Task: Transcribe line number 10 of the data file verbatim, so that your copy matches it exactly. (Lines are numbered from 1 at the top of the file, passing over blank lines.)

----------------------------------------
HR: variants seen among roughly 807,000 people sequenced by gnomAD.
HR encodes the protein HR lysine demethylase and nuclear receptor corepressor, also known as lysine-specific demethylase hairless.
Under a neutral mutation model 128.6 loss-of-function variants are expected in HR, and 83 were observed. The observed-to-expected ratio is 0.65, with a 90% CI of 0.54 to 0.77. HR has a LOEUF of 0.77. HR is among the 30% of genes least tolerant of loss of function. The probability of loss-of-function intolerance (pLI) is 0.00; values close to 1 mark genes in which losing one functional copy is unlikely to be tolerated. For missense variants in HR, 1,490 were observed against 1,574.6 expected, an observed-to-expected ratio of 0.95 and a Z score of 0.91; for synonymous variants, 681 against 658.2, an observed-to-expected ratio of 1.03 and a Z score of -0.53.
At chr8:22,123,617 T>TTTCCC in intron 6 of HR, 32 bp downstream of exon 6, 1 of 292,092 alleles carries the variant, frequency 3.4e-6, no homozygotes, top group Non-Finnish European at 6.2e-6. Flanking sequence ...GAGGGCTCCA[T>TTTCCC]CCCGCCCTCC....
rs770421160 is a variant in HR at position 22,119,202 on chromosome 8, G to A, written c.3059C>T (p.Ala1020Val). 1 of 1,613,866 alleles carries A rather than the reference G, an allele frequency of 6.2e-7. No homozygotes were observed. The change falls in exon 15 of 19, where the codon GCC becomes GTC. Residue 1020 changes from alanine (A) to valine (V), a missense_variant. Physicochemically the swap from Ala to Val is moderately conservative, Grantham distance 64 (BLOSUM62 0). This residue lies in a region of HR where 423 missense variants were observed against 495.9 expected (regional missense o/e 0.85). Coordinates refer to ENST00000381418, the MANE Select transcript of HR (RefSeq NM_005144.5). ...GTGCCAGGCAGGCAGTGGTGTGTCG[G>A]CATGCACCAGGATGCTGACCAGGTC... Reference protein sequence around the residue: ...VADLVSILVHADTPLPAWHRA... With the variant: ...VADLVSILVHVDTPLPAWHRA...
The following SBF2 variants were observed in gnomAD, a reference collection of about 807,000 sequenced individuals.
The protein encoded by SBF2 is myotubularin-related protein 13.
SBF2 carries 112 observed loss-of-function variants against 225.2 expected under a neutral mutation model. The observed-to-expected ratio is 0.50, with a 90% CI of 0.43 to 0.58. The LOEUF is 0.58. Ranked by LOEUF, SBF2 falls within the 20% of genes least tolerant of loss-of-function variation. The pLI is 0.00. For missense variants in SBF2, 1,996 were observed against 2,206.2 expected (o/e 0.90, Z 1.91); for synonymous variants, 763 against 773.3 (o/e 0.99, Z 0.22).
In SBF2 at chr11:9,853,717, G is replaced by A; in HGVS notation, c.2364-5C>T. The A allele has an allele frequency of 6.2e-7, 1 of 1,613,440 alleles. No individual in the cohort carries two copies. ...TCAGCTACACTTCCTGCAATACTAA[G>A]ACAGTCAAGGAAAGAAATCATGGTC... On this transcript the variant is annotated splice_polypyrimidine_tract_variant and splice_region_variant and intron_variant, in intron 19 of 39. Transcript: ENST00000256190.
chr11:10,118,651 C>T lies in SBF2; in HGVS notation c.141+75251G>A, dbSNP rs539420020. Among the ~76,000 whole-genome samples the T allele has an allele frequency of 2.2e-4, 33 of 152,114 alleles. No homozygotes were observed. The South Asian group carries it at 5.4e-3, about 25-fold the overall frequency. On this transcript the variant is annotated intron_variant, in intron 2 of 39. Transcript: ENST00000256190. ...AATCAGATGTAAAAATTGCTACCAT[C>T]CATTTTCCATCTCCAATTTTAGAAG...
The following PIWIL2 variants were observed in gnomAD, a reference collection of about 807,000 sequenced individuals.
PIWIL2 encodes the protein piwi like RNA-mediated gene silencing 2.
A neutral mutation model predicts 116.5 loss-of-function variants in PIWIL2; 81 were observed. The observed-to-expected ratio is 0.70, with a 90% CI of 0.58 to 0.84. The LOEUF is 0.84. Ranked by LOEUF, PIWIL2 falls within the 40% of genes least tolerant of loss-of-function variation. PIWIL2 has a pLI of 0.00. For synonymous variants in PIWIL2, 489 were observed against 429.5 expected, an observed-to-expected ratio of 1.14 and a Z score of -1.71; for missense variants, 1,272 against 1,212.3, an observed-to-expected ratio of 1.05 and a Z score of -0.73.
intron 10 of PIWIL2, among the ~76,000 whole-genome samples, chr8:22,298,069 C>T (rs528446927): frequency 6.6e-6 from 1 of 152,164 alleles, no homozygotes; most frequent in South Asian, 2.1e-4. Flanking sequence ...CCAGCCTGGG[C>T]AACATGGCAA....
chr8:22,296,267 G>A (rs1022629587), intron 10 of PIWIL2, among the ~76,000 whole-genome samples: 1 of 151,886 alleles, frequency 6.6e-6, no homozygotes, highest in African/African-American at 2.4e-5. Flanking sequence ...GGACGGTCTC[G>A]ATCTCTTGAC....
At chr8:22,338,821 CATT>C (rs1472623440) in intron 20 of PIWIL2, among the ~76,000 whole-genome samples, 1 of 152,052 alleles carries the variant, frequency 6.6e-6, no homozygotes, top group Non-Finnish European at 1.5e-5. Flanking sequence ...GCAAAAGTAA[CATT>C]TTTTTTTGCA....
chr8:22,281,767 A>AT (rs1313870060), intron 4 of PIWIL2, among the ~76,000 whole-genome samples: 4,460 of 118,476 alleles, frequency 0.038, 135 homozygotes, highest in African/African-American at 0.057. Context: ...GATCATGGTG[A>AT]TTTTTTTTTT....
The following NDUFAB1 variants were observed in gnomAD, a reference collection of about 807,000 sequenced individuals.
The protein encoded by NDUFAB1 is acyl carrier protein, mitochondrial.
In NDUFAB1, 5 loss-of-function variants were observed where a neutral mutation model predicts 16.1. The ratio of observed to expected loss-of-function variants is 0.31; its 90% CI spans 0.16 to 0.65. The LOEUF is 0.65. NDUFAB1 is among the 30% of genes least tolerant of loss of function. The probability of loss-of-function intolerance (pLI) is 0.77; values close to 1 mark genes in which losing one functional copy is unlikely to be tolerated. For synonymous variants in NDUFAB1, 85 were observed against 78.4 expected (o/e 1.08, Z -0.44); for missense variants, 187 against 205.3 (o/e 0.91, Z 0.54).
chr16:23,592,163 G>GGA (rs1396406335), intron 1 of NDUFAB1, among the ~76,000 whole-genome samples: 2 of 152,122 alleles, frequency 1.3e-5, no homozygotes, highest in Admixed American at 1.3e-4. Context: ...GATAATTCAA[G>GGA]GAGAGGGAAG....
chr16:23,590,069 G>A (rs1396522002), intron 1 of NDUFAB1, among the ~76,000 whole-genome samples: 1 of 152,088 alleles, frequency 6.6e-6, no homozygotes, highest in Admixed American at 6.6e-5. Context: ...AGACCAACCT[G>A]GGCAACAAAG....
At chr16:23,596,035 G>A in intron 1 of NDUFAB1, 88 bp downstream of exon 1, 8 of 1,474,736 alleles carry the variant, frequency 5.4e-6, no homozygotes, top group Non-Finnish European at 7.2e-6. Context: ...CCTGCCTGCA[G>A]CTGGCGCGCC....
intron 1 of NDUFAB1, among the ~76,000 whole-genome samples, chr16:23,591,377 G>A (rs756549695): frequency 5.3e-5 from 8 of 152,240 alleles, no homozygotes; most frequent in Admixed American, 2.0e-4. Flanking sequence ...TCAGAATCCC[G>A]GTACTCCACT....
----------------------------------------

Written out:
chr11:10,118,651 C>T lies in SBF2; in HGVS notation c.141+75251G>A, dbSNP rs539420020. Among the ~76,000 whole-genome samples the T allele has an allele frequency of 2.2e-4, 33 of 152,114 alleles. No homozygotes were observed. The South Asian group carries it at 5.4e-3, about 25-fold the overall frequency. On this transcript the variant is annotated intron_variant, in intron 2 of 39. Transcript: ENST00000256190. ...AATCAGATGTAAAAATTGCTACCAT[C>T]CATTTTCCATCTCCAATTTTAGAAG...